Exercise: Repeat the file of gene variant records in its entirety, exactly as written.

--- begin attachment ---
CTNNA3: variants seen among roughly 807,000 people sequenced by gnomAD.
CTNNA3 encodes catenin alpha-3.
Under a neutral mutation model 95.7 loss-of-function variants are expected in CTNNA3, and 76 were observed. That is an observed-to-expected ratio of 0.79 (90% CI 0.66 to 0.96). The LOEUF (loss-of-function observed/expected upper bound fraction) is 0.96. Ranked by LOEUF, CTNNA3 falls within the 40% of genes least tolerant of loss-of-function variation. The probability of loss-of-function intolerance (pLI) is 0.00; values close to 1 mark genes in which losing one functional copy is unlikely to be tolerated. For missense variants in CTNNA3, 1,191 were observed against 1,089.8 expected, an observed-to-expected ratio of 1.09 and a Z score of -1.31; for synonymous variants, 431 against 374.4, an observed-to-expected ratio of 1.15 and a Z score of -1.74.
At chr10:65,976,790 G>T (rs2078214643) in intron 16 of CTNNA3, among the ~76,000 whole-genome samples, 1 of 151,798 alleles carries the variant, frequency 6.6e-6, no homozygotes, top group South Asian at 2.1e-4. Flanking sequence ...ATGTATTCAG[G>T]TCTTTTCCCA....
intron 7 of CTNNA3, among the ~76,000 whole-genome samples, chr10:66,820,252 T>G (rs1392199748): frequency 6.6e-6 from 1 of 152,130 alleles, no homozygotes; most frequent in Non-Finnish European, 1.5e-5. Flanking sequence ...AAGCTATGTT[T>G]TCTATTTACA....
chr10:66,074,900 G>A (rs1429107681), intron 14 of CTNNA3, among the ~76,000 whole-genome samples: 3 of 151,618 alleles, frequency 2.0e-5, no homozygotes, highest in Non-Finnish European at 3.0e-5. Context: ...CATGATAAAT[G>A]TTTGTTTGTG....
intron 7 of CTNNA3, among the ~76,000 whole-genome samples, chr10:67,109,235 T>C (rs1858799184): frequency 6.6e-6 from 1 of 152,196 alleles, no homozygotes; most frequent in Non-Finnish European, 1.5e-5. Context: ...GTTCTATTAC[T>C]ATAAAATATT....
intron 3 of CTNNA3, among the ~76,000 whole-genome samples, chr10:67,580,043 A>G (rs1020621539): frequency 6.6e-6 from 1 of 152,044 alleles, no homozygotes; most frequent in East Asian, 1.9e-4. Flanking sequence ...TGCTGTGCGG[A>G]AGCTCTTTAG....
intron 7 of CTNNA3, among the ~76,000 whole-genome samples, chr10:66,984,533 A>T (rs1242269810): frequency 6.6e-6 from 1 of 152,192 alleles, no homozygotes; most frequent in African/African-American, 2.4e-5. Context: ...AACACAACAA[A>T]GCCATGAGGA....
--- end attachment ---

CTNNA3: variants seen among roughly 807,000 people sequenced by gnomAD.
CTNNA3 encodes catenin alpha-3.
Under a neutral mutation model 95.7 loss-of-function variants are expected in CTNNA3, and 76 were observed. That is an observed-to-expected ratio of 0.79 (90% CI 0.66 to 0.96). The LOEUF (loss-of-function observed/expected upper bound fraction) is 0.96. Ranked by LOEUF, CTNNA3 falls within the 40% of genes least tolerant of loss-of-function variation. The probability of loss-of-function intolerance (pLI) is 0.00; values close to 1 mark genes in which losing one functional copy is unlikely to be tolerated. For missense variants in CTNNA3, 1,191 were observed against 1,089.8 expected, an observed-to-expected ratio of 1.09 and a Z score of -1.31; for synonymous variants, 431 against 374.4, an observed-to-expected ratio of 1.15 and a Z score of -1.74.
At chr10:65,976,790 G>T (rs2078214643) in intron 16 of CTNNA3, among the ~76,000 whole-genome samples, 1 of 151,798 alleles carries the variant, frequency 6.6e-6, no homozygotes, top group South Asian at 2.1e-4. Flanking sequence ...ATGTATTCAG[G>T]TCTTTTCCCA....
intron 7 of CTNNA3, among the ~76,000 whole-genome samples, chr10:66,820,252 T>G (rs1392199748): frequency 6.6e-6 from 1 of 152,130 alleles, no homozygotes; most frequent in Non-Finnish European, 1.5e-5. Flanking sequence ...AAGCTATGTT[T>G]TCTATTTACA....
chr10:66,074,900 G>A (rs1429107681), intron 14 of CTNNA3, among the ~76,000 whole-genome samples: 3 of 151,618 alleles, frequency 2.0e-5, no homozygotes, highest in Non-Finnish European at 3.0e-5. Context: ...CATGATAAAT[G>A]TTTGTTTGTG....
intron 7 of CTNNA3, among the ~76,000 whole-genome samples, chr10:67,109,235 T>C (rs1858799184): frequency 6.6e-6 from 1 of 152,196 alleles, no homozygotes; most frequent in Non-Finnish European, 1.5e-5. Context: ...GTTCTATTAC[T>C]ATAAAATATT....
intron 3 of CTNNA3, among the ~76,000 whole-genome samples, chr10:67,580,043 A>G (rs1020621539): frequency 6.6e-6 from 1 of 152,044 alleles, no homozygotes; most frequent in East Asian, 1.9e-4. Flanking sequence ...TGCTGTGCGG[A>G]AGCTCTTTAG....
intron 7 of CTNNA3, among the ~76,000 whole-genome samples, chr10:66,984,533 A>T (rs1242269810): frequency 6.6e-6 from 1 of 152,192 alleles, no homozygotes; most frequent in African/African-American, 2.4e-5. Context: ...AACACAACAA[A>T]GCCATGAGGA....